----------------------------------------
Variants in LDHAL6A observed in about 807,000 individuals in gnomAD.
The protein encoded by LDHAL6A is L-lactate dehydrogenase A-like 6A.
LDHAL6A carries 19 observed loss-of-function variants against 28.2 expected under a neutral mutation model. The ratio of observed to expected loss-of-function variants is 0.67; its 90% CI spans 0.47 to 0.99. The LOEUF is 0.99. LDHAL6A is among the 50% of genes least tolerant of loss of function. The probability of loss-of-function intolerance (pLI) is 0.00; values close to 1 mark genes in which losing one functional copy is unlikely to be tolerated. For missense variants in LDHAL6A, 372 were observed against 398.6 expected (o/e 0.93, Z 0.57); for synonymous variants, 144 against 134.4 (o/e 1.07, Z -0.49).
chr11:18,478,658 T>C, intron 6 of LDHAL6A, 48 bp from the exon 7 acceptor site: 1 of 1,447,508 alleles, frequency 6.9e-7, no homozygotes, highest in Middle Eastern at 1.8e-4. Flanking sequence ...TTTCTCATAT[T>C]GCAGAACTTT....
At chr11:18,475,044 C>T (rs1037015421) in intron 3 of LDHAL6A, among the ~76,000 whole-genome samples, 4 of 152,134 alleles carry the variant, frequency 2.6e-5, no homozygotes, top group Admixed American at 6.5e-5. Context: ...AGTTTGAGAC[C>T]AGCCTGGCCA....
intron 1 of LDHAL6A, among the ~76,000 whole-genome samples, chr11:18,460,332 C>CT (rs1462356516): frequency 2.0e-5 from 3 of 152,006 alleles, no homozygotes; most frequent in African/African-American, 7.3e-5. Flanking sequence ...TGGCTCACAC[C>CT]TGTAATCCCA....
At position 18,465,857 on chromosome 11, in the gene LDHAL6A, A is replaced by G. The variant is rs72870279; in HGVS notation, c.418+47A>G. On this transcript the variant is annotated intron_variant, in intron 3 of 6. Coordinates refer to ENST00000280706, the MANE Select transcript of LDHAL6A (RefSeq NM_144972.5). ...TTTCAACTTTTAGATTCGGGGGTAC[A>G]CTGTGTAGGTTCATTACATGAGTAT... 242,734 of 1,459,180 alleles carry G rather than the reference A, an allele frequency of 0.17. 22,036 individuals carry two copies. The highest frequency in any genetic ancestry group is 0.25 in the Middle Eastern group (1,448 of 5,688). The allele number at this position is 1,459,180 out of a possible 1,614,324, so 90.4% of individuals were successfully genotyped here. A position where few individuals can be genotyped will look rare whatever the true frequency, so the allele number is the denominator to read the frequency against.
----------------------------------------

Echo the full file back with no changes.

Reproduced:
Variants in LDHAL6A observed in about 807,000 individuals in gnomAD.
The protein encoded by LDHAL6A is L-lactate dehydrogenase A-like 6A.
LDHAL6A carries 19 observed loss-of-function variants against 28.2 expected under a neutral mutation model. The ratio of observed to expected loss-of-function variants is 0.67; its 90% CI spans 0.47 to 0.99. The LOEUF is 0.99. LDHAL6A is among the 50% of genes least tolerant of loss of function. The probability of loss-of-function intolerance (pLI) is 0.00; values close to 1 mark genes in which losing one functional copy is unlikely to be tolerated. For missense variants in LDHAL6A, 372 were observed against 398.6 expected (o/e 0.93, Z 0.57); for synonymous variants, 144 against 134.4 (o/e 1.07, Z -0.49).
chr11:18,478,658 T>C, intron 6 of LDHAL6A, 48 bp from the exon 7 acceptor site: 1 of 1,447,508 alleles, frequency 6.9e-7, no homozygotes, highest in Middle Eastern at 1.8e-4. Flanking sequence ...TTTCTCATAT[T>C]GCAGAACTTT....
At chr11:18,475,044 C>T (rs1037015421) in intron 3 of LDHAL6A, among the ~76,000 whole-genome samples, 4 of 152,134 alleles carry the variant, frequency 2.6e-5, no homozygotes, top group Admixed American at 6.5e-5. Context: ...AGTTTGAGAC[C>T]AGCCTGGCCA....
intron 1 of LDHAL6A, among the ~76,000 whole-genome samples, chr11:18,460,332 C>CT (rs1462356516): frequency 2.0e-5 from 3 of 152,006 alleles, no homozygotes; most frequent in African/African-American, 7.3e-5. Flanking sequence ...TGGCTCACAC[C>CT]TGTAATCCCA....
At position 18,465,857 on chromosome 11, in the gene LDHAL6A, A is replaced by G. The variant is rs72870279; in HGVS notation, c.418+47A>G. On this transcript the variant is annotated intron_variant, in intron 3 of 6. Coordinates refer to ENST00000280706, the MANE Select transcript of LDHAL6A (RefSeq NM_144972.5). ...TTTCAACTTTTAGATTCGGGGGTAC[A>G]CTGTGTAGGTTCATTACATGAGTAT... 242,734 of 1,459,180 alleles carry G rather than the reference A, an allele frequency of 0.17. 22,036 individuals carry two copies. The highest frequency in any genetic ancestry group is 0.25 in the Middle Eastern group (1,448 of 5,688). The allele number at this position is 1,459,180 out of a possible 1,614,324, so 90.4% of individuals were successfully genotyped here. A position where few individuals can be genotyped will look rare whatever the true frequency, so the allele number is the denominator to read the frequency against.